The idea is to dispel the myth that French food is fussy, snooty or bland. It can be fun, casual and very social.
Today’s scribble isn’t about pairing French food with whisky. It just so happens that my column schedule falls splat between two very remarkable events, so I thought of dividing the space between both of them.
Chronologically speaking, the first is about commemorating French food around the world by invoking the best chefs in the world to serve French dishes at their outlets. The idea is to dispel the myth that French food is fussy, snooty or bland. It can be fun, casual and very social. Sure, it isn’t ever going to rock the spice scale, but that’s alright; it is flavourful. In India, over 80 restaurants are participating in the Goût de France (or Good France, as they cheekily translate into English, employing deft wordplay) celebrations. For me, the festivities kicked off with a very special dinner, with exquisite wines and cheese (French, bien sûr) cooked by chefs who had been flown in specially for the occasion. Among them was a young chef, all of 18 years of age, who had won a prestigious competition this year. The idea of the meal, as 26 of us came together around that table, was to see how French food is not just about dishes, but techniques, which can be applied to ingredients no matter where in the world you are. So, on our table were local seasonal vegetables, which had been often delicately touched up with Indian spices and condiments. It was a fun evening without pretences or predispositions to any stereotypes. The conclusion: French food is not just served in pricey Michelin-starred restaurants, it is also at the heart of cafes and bistros. The celebrations continue, so look
up the list on the Good France website to know which restaurants in your city are participating.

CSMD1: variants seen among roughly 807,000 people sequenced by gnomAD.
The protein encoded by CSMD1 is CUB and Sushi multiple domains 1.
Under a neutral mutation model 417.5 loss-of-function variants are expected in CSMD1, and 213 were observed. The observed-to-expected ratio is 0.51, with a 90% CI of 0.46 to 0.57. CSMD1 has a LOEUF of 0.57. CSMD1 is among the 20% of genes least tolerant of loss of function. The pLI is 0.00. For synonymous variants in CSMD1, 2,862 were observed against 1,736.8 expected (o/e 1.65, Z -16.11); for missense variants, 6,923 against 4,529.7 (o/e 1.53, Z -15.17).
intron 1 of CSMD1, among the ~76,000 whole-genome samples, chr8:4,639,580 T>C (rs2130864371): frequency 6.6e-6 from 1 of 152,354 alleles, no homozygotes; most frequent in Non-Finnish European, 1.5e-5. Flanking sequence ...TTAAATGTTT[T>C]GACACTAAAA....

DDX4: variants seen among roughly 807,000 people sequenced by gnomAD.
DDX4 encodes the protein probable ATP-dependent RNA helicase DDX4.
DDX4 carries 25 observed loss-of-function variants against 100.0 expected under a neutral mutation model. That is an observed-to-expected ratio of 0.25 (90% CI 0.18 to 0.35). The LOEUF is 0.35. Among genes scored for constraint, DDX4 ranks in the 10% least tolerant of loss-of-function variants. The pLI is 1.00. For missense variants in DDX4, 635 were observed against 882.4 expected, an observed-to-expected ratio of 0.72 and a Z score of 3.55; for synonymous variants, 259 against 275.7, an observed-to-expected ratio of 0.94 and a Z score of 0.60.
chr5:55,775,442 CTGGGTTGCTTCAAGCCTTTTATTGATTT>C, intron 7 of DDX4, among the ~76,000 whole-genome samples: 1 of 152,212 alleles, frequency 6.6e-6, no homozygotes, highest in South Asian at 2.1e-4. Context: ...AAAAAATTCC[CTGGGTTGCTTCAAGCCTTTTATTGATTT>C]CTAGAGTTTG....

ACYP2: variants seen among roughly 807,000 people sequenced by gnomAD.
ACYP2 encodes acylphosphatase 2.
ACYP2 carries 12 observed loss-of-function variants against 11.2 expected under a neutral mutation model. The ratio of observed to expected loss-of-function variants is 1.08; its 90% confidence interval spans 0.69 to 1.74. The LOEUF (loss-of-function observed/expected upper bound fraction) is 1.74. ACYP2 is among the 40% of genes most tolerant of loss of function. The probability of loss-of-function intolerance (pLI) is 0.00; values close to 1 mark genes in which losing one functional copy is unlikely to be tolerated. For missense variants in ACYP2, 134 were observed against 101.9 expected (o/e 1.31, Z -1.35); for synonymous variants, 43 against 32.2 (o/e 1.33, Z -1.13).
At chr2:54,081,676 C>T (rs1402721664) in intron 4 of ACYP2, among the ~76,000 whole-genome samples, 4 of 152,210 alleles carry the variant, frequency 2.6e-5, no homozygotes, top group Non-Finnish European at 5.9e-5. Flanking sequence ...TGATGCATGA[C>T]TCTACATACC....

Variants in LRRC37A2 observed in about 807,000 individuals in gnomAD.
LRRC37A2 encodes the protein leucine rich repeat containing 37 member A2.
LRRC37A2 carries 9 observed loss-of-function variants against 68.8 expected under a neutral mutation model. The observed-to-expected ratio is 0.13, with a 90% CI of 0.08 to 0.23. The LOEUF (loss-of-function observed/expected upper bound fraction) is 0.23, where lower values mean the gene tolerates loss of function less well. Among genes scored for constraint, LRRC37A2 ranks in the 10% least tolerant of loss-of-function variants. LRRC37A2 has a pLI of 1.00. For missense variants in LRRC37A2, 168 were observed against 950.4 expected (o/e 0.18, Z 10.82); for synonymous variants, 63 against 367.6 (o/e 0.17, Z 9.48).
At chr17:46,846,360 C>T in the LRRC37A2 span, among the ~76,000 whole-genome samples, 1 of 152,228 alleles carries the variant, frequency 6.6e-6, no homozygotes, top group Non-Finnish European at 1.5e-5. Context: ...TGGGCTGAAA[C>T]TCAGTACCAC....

En suite, we are now gearing up for the International Whisk(e)y Day (IWD) on March 27—not to be confused with World Whisky Day, which, as the absence of an ‘e’ suggests, is more Scotch-centric a celebration and is held on the third Saturday of May every year. IWD falls on the late whisky writer Michael Jackson’s birthday and it encourages you to pick up a glass and raise a toast with a whisky, or whiskey, no matter where in the world you are.
I have, for lack of a better excuse, started the celebrations early for this one. Struan Grant Ralph, the global ambassador for Glenfiddich, happened to be passing through India and, in his suitcase, he brought two absolute treasures: one was a yet-unreleased whisky from the house, which was aged (for nearly two decades) in Japanese Mizunara oak, a tight-grained wood, which is barely toasted, thereby introducing very nuanced aromas, even as the tight grain makes the whisky age slower. Even at cask strength, this went down as easy as honey. It coats, but doesn’t cloy, lingers but doesn’t dominate, and is rich all while being fresh and buoyant.
The next one was a peated whisky from Glenfiddich. No, it’s not from Islay. In fact, it’s a style that harkens back to times (circa 1930s) when most Speyside whisky was also made using peat. This practice was especially common during the two great wars when coal was allocated for other more immediately pertinent uses, thus leaving the farmers peat to use freely. Over time, it might have fallen out of fashion with only a handful of distilleries keeping the peat imprint as their signature style. This, too, was a tastefully tactile exercise in balance, showing strength yet smoothness. Sure, it was peaty-smokey, but without going overboard to the point that it would mask the floral and fruity notes underneath.
Both these whiskies aren’t launched yet. The house may take a call on what to do with them soon, we were told, and yet here we were enjoying these phenomenal drams in august company. So come March 27, no matter what you can get your hands on, pour yourself a wee measure of the water of life and raise a toast to good cheer and health all around.
-The writer is a sommelier